As the school year ends in many countries and children turn with joy to vacation time ahead, millions of other school-age children will have nothing to look forward to but more long days in overcrowded refugee camps. The situation gets worse as they grow into adulthood.
Recent studies show that, thanks to United Nations development goals and action by governments, 91 percent of the world’s primary-age children are enrolled in schools while among refugee children in the same age group, the figure drops to 61 percent. Worldwide, 84 percent of adolescents, on average, are in school, compared with 23 percent of adolescent refugees.
At the tertiary level, the number is especially dire, given that young refugees are people who may soon be counted on to rebuild their societies or contribute meaningfully to life in a new country. According to figures compiled by the UN high commissioner for refugees and Unesco, based on 2015-2016 data — when refugee numbers were exploding — 36 percent of young people around the world acquire some kind of tertiary education; for refugees, that number is a trace 1 percent.
UN agencies, NGOs, professional educational organizations, religious-based assistance groups and some companies are involved in trying to close these gaps. From South Asia to the Great Lakes region of Africa, NGOs have often been the first to meet basic survival needs and move on to education. The Swedish Lutheran Church was supporting “underground” schools for girls when the Taliban controlled Afghanistan. In Rwanda, Tanzania and Uganda, NGOs have been at the forefront of helping young children fleeing political turmoil and genocidal conflict not only to learn but also to work through their psychological trauma.
Teachers work with the most basic materials, like paper and crayons, encouraging the smallest children to draw pictures of their former lives. Their subjects are often village houses on fire or automatic weapons shooting and people lying dead on the ground. Just the orderly, calm atmosphere of even a rudimentary school experience can help children, volunteers tell reporters who visit camps.
At the other end of the education process, tertiary academic study and professional skills training, online programs have been devised by various organizations to make long-distance learning possible. Some projects are employing well-educated refugees or exiles in creating or teaching courses.
One example is the refugee learning program from Coursera, an organization founded in 2012 for online study with experts from leading higher education institutions in the United States and abroad.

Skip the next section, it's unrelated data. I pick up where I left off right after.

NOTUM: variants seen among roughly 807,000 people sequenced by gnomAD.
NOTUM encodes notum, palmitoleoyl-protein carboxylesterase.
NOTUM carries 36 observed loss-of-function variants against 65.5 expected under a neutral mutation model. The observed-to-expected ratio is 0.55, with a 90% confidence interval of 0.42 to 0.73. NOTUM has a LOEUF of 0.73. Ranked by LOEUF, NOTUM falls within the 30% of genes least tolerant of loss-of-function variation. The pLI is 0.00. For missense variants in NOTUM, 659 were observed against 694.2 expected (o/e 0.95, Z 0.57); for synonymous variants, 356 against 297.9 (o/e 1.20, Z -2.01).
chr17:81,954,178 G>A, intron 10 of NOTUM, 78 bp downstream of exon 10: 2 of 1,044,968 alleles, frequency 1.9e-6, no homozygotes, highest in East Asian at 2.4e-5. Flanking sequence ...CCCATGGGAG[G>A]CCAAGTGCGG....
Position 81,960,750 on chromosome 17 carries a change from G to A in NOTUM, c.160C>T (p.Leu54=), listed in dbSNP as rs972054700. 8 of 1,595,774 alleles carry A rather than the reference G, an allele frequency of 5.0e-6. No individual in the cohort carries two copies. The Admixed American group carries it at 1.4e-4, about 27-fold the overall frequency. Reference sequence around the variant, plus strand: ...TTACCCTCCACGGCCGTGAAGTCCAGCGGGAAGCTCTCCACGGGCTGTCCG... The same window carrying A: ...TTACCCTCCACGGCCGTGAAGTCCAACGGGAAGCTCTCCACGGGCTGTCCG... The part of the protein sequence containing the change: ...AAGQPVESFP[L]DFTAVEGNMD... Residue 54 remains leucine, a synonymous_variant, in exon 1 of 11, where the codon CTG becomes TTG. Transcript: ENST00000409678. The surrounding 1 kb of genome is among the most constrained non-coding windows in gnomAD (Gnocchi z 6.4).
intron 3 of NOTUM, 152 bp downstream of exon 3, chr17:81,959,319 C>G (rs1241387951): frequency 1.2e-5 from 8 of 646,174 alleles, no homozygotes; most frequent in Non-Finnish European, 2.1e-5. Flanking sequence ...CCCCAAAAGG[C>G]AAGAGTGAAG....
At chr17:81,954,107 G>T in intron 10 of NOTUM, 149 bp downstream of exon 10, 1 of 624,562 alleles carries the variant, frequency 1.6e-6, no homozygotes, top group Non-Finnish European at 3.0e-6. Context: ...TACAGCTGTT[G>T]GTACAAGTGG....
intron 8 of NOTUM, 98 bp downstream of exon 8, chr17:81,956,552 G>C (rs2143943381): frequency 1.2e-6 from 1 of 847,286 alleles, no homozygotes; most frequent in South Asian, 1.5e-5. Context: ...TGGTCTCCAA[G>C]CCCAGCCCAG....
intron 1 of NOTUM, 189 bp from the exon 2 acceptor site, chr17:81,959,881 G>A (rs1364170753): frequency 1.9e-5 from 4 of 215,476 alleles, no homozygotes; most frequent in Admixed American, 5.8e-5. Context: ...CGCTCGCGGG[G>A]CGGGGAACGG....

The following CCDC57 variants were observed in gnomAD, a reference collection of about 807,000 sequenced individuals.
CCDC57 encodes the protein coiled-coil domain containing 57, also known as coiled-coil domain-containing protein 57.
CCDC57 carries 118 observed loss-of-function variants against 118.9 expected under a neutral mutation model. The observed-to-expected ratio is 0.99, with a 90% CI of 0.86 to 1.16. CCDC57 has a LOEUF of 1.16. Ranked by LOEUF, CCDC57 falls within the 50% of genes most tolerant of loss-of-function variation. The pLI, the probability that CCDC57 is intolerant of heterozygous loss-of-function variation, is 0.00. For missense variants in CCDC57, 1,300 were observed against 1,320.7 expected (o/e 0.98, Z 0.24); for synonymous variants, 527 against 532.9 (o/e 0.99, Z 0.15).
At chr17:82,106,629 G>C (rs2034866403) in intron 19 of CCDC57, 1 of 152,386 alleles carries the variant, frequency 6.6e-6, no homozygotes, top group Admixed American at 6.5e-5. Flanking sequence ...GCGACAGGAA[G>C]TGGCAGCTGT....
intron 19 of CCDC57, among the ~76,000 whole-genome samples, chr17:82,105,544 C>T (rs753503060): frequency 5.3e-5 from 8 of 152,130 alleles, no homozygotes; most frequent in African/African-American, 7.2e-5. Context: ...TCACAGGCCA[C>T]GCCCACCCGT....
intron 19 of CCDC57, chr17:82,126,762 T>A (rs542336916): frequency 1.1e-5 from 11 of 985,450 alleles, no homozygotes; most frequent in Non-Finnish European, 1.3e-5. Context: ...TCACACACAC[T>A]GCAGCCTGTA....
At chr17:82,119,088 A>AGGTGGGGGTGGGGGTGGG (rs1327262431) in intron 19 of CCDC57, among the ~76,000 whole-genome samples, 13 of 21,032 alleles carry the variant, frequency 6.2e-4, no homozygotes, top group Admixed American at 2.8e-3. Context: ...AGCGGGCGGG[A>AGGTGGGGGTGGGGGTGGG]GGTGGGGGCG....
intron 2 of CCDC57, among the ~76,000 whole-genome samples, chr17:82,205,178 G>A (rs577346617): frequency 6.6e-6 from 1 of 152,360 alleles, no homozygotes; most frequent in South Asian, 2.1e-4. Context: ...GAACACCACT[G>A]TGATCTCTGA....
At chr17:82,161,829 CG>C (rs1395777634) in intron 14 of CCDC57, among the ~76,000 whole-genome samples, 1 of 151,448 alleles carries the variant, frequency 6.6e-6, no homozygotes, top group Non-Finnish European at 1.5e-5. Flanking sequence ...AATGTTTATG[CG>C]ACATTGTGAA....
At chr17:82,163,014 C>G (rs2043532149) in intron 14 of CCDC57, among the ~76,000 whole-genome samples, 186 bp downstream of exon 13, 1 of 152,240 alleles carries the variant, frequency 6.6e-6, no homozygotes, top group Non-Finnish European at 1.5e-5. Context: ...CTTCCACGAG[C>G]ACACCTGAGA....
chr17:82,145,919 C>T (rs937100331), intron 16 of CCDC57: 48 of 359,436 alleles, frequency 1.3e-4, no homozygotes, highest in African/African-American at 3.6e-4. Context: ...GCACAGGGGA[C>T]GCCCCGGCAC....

Coursera’s refugee program, called Transforming Lives through Universal Access to World-Class Education, offers guaranteed financial aid to refugees who take its courses as well as group financial assistance and a portal to connect NGOs and other organizations working with refugees. More than 1,000 courses include a wide range of mostly practical subjects from business English to data science and techniques for interviewing and résumé writing. Coursera is always looking for translators to help reach potential students through its global translator community.
Involving Business in Anti-Trafficking Campaigns Helping Migrants
Desperate people on the move, whether they are fleeing conflict, political upheaval or -crushing poverty, are vulnerable to being preyed on by traffickers, as growing numbers of tragic accounts reveal. The focus of the trade is often on North Africa, where migrants from around the Mediterranean gather in hope of finding passage to Europe.
Several UN agencies have joined a consortium to produce a novel interactive map—a little tricky to navigate at first, to be sure — to assist businesses and others in locating information from a multitude of organizations working against human trafficking. It is part of a campaign to foster more responsibility for the mounting tragedies. Other UN components in the consortium are the International Labor Organization’s Global Business Network on Forced Labor and Human Trafficking and the UN Global Compact. They joined with the Global Business Coalition Against Human Trafficking and the Babson College Global Initiative against Transnational Organized Crime.
At the launch of the initiative in London in May, Sarah Di Giglio, senior policy and project officer on human trafficking and modern slavery at the International Organization for Migration, said that demand for cheap labor and services drives human trafficking.
“Yet, the responsibility of the industries and consumers demanding cheap labor and cheap goods often goes unrecognized,” said Di Giglio, who is also an expert on women seeking asylum. “Until we, the global community, address this demand and recognize that goods are sold cheaply because of the exploitation of workers, including migrant workers, our efforts to end human trafficking will be wholly inadequate.”